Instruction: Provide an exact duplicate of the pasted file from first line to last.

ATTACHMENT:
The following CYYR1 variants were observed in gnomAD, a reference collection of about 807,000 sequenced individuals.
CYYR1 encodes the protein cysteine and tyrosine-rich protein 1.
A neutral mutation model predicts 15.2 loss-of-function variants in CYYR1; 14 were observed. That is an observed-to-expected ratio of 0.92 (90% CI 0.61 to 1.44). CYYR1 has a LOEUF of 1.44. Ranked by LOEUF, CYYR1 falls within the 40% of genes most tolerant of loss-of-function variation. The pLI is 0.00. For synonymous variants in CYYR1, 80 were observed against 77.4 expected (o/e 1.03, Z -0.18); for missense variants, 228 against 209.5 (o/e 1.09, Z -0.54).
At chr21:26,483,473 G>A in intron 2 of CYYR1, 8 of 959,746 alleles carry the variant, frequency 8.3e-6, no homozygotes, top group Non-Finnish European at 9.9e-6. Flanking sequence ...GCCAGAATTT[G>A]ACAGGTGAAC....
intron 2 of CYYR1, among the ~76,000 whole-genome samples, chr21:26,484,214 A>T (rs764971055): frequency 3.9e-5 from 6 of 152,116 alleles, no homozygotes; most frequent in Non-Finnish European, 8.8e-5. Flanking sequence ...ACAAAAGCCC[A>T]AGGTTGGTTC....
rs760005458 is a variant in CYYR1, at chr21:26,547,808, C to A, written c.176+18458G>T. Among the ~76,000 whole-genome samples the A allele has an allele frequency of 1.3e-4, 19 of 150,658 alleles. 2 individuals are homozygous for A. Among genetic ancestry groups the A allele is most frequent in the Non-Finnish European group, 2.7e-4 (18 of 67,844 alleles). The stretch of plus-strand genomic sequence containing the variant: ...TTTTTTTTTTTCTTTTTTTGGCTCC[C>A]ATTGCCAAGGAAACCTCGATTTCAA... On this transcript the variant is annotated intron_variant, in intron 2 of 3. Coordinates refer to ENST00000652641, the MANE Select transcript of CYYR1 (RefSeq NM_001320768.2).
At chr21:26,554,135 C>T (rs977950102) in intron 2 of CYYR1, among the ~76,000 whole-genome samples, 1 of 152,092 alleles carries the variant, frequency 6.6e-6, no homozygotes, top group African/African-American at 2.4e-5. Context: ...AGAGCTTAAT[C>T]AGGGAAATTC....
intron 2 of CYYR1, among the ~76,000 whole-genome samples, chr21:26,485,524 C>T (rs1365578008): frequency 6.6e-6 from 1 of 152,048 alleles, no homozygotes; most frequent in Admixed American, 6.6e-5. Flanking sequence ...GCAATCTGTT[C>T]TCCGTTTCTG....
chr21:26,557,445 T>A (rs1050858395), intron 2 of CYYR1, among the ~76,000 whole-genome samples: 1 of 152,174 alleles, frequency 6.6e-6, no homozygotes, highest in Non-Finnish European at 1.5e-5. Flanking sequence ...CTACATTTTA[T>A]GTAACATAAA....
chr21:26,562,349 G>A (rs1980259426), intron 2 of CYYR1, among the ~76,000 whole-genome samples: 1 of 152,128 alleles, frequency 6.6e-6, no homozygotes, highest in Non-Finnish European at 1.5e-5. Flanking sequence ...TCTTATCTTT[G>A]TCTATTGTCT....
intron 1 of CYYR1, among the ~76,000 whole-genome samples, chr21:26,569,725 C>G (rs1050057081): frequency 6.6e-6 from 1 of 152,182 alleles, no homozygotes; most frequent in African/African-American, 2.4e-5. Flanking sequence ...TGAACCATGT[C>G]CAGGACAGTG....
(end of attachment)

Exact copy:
The following CYYR1 variants were observed in gnomAD, a reference collection of about 807,000 sequenced individuals.
CYYR1 encodes the protein cysteine and tyrosine-rich protein 1.
A neutral mutation model predicts 15.2 loss-of-function variants in CYYR1; 14 were observed. That is an observed-to-expected ratio of 0.92 (90% CI 0.61 to 1.44). CYYR1 has a LOEUF of 1.44. Ranked by LOEUF, CYYR1 falls within the 40% of genes most tolerant of loss-of-function variation. The pLI is 0.00. For synonymous variants in CYYR1, 80 were observed against 77.4 expected (o/e 1.03, Z -0.18); for missense variants, 228 against 209.5 (o/e 1.09, Z -0.54).
At chr21:26,483,473 G>A in intron 2 of CYYR1, 8 of 959,746 alleles carry the variant, frequency 8.3e-6, no homozygotes, top group Non-Finnish European at 9.9e-6. Flanking sequence ...GCCAGAATTT[G>A]ACAGGTGAAC....
intron 2 of CYYR1, among the ~76,000 whole-genome samples, chr21:26,484,214 A>T (rs764971055): frequency 3.9e-5 from 6 of 152,116 alleles, no homozygotes; most frequent in Non-Finnish European, 8.8e-5. Flanking sequence ...ACAAAAGCCC[A>T]AGGTTGGTTC....
rs760005458 is a variant in CYYR1, at chr21:26,547,808, C to A, written c.176+18458G>T. Among the ~76,000 whole-genome samples the A allele has an allele frequency of 1.3e-4, 19 of 150,658 alleles. 2 individuals are homozygous for A. Among genetic ancestry groups the A allele is most frequent in the Non-Finnish European group, 2.7e-4 (18 of 67,844 alleles). The stretch of plus-strand genomic sequence containing the variant: ...TTTTTTTTTTTCTTTTTTTGGCTCC[C>A]ATTGCCAAGGAAACCTCGATTTCAA... On this transcript the variant is annotated intron_variant, in intron 2 of 3. Coordinates refer to ENST00000652641, the MANE Select transcript of CYYR1 (RefSeq NM_001320768.2).
At chr21:26,554,135 C>T (rs977950102) in intron 2 of CYYR1, among the ~76,000 whole-genome samples, 1 of 152,092 alleles carries the variant, frequency 6.6e-6, no homozygotes, top group African/African-American at 2.4e-5. Context: ...AGAGCTTAAT[C>T]AGGGAAATTC....
intron 2 of CYYR1, among the ~76,000 whole-genome samples, chr21:26,485,524 C>T (rs1365578008): frequency 6.6e-6 from 1 of 152,048 alleles, no homozygotes; most frequent in Admixed American, 6.6e-5. Flanking sequence ...GCAATCTGTT[C>T]TCCGTTTCTG....
chr21:26,557,445 T>A (rs1050858395), intron 2 of CYYR1, among the ~76,000 whole-genome samples: 1 of 152,174 alleles, frequency 6.6e-6, no homozygotes, highest in Non-Finnish European at 1.5e-5. Flanking sequence ...CTACATTTTA[T>A]GTAACATAAA....
chr21:26,562,349 G>A (rs1980259426), intron 2 of CYYR1, among the ~76,000 whole-genome samples: 1 of 152,128 alleles, frequency 6.6e-6, no homozygotes, highest in Non-Finnish European at 1.5e-5. Flanking sequence ...TCTTATCTTT[G>A]TCTATTGTCT....
intron 1 of CYYR1, among the ~76,000 whole-genome samples, chr21:26,569,725 C>G (rs1050057081): frequency 6.6e-6 from 1 of 152,182 alleles, no homozygotes; most frequent in African/African-American, 2.4e-5. Flanking sequence ...TGAACCATGT[C>G]CAGGACAGTG....